In some respects, I’m very fortunate in where I live, although I’m in the middle of the Cheshire plain with hardly a hill for miles around, I have a load of local dog walks on my doorstep. Two minutes walk from my house and I can be walking along the Weaver Navigation – a sort of half river half canal hybrid waterway that snakes through Cheshire. Surrounding this waterway is the Weaver Parkway, an extensive series of footpaths and bridleways that provide a variety of walking environments from river side paths, country paths through farmland and shaded woodland walks.
In other respects I hate where I live. Winsford was a small town located between Chester and Northwich, notable only for its rock salt mine – the only one left in the country – we provide the country with the grit to spread on its icy roads. It was small that is, until it became an overspill for Liverpool and Manchester. Several huge council estates were built in the 60’s and the town grew rapidly. In recent years a number of private housing developments have been added and we live in one of these. My wife has lived in Winsford for nearly 40 years and I’ve lived here since we met, so we sort of live here by default rather than choice, although the relatively low house prices were something of an incentive when we came to buy a house.
Once you get out of the new-build estates, however, Winsford is a dirty, rather seedy, little bit run-down sort of town, with the sort of crime and unemployment levels that are associated with towns with large council estates. I know, I’m wandering a bit here, but I’m trying to set the rest of this entry in some context.
My daily 3 mile(ish) dog walk takes me down a small path at the end of our street, onto an access road and down to the Salt Mine by the Weaver. I call the access road “Dog Shit alley”, as it’s littered with small brown curly landmines and in the summer the smell is awful. I’ve always been lucky with Meg, she won’t shit anywhere other than the back garden, but other dogs aren’t so considerate.
Once I reach the Weaver I follow the river, often passing herons, cormorants, swans, coots and mallards and other riverside wildlife. In the summer there are hundreds of frogs on the paths and I often see fish jumping in the wider sections. I find it hard to appreciate these sights though, as I have to spend much of my time watching where I put my feet. The paths along the river are heavily used by dog walkers and the dog shit is rife!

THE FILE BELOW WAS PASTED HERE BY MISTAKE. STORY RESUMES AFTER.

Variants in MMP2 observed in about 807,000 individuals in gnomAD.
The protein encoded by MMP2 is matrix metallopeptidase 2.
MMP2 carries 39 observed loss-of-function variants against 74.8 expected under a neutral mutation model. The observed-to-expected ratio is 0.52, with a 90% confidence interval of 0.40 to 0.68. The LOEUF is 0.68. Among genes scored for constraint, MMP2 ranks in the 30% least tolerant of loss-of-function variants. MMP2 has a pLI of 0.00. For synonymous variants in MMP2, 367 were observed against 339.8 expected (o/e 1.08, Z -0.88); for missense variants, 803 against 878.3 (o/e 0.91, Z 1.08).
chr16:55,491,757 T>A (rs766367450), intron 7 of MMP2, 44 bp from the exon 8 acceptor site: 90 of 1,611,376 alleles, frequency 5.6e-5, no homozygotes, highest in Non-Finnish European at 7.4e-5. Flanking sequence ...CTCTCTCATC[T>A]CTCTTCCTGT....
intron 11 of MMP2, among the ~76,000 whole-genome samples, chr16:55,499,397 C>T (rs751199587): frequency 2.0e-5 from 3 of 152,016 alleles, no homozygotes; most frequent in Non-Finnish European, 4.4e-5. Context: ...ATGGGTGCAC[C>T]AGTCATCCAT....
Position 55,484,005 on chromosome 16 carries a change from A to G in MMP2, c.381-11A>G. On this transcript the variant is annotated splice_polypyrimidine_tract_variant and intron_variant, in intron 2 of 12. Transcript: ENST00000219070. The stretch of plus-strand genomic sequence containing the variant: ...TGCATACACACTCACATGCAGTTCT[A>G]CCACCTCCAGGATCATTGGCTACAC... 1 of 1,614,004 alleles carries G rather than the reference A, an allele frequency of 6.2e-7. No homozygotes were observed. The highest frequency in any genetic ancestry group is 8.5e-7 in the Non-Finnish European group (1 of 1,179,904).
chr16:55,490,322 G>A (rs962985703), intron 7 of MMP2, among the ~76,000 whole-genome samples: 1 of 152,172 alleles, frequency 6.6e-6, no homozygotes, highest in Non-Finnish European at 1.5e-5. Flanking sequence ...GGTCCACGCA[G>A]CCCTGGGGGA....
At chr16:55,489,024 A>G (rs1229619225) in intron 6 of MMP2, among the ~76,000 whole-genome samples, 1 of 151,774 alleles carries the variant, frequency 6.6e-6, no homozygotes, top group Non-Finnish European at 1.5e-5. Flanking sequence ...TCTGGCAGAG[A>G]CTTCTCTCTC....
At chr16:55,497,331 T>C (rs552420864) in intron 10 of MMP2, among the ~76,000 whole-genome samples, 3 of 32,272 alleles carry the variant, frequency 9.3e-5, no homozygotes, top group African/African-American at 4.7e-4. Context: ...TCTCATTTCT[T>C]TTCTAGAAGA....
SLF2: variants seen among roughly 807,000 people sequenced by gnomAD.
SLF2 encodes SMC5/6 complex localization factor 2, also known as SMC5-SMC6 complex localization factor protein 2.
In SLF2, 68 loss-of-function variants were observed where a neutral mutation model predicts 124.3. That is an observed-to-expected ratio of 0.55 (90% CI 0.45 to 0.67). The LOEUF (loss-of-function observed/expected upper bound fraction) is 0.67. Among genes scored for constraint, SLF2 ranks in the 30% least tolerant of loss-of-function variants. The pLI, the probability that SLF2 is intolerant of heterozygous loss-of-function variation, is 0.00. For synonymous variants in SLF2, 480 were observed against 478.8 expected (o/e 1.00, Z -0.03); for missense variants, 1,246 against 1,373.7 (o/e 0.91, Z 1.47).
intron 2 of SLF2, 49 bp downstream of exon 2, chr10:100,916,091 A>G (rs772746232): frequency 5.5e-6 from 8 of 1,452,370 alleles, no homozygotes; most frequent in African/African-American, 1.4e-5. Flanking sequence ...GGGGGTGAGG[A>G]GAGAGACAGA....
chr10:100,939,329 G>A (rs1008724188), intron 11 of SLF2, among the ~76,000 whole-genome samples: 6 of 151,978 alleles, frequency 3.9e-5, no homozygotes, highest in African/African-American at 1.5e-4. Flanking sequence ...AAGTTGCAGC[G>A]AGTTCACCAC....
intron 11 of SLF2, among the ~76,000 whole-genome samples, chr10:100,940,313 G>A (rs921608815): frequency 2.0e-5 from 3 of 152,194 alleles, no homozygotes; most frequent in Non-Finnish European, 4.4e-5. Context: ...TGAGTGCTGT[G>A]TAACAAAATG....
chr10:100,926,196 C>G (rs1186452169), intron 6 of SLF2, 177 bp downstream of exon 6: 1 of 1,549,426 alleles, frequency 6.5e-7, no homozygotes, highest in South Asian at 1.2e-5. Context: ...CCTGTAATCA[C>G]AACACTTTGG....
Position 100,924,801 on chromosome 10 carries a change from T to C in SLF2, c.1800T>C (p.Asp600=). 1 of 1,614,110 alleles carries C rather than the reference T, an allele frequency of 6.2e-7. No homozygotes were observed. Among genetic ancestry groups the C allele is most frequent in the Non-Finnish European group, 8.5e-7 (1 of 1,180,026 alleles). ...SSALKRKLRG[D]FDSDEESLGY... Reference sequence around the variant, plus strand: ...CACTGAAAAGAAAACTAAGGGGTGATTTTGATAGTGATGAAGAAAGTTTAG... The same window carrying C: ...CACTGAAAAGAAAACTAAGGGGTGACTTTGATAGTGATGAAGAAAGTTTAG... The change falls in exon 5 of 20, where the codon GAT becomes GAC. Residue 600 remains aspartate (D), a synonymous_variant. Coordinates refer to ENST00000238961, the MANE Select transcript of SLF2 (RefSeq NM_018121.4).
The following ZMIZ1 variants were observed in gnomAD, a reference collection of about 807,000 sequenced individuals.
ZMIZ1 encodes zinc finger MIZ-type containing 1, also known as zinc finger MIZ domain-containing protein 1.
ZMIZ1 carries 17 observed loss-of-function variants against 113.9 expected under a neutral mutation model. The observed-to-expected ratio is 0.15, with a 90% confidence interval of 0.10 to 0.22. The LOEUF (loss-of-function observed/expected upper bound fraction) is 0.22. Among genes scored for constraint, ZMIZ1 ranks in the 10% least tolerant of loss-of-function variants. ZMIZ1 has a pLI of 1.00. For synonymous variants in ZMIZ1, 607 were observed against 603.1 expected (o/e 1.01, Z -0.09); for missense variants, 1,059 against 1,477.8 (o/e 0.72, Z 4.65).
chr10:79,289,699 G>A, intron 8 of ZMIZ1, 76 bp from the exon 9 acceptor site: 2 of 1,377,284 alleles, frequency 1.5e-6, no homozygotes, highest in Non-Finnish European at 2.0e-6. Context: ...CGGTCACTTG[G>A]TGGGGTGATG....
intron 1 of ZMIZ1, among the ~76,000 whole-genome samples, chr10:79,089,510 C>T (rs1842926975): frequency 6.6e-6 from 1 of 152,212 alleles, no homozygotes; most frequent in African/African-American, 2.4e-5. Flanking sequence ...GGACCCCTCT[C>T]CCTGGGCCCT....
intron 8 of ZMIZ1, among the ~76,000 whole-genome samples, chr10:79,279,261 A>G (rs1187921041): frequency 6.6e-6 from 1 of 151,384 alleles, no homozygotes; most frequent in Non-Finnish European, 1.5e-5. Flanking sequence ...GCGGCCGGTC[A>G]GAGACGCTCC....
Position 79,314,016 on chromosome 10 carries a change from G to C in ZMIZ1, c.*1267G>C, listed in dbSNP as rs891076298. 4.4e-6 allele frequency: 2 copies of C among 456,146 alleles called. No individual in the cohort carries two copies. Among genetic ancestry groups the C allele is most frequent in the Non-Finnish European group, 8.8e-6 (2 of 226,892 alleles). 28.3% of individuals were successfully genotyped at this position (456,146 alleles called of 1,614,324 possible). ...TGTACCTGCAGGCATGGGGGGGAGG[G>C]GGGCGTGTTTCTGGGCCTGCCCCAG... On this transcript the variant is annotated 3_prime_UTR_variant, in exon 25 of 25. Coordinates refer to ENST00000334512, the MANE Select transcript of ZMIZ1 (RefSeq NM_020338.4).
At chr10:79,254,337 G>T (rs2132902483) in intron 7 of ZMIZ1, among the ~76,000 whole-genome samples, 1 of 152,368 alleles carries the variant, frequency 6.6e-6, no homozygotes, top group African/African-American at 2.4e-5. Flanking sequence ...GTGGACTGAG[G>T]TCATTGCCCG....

The river walk takes me almost into the town centre, before doubling back, up a small rise to a car park, a pub and another new-build estate which connects to my estate and leads me home. The closer the walk gets to the town, the worse the dog shit becomes and the other major eyesore on the walk, the litter, becomes denser and denser.
The litter on the early part of the walk is mainly tissues, the occasional chocolate bar wrapper or crisp packet, and not very much of it either. As you get closer to town and the major population centres, the litter becomes pizza boxes and McDonalds cartons, thousands and thousands of beer bottle tops, beer cans and plastic supermarket bags. People seem to use the parkway at night for outdoor parties, as I often find new sites of 10-20 beer cans and several different fast food containers all scattered around a bench. Part of the problem I think is that there are no litter bins located by these benches, but that’s still no excuse.
So, the council tried to do something about this. They now have regular countryside ranger patrols along the length of the river and surrounding paths, I often see him driving along! Yes, he drives a Land Rover, churning up the paths and the verges on either side, forcing people off to either side. They have also put up dog fouling signs (£1000 max fine), enforced by the warden to try and reduce the little curly landmine problem. The result is of course that people now carry little plastic bags with them, so that when Rover takes a shit on the path, the owner picks it up using the inside-out bag trick, especially if they are in sight of other people.
This unfortunately has led to my new pet hate – worse than my loathing of dog shit and litter!! Many of the trees on my daily walk are now festooned with little bags of dog shit! People will only walk so far with a bag of dog shit in their hand, as soon as the coast is clear they jettison their little load by hanging it on a handy branch by the path, or possibly by throwing it as far as they can into the undergrowth, where it inevitably gets caught by branches.
This morning I counted 53 bags of shit along my 3 mile section, 53 bags which will never decompose in my life time and which, unless removed by the council, will still be hanging there next year. Joined presumably by another couple of hundred.
Unwittingly, the council have caused this problem. By enforcing the dog fouling by-laws they have turned a bad problem into something much worse. At least dog shit left on a path will “decompose” over time. It will get washed by the rain, removed by insects, carried away on the feet of walkers, not so the little plastic cocoons the shit is now protected by.
You have to wonder what sort of person chooses to decorate his daily walk with little bags of shit, which he will see every day as he walks past the same spot. These are the sort of people the word “scrote” was devised for.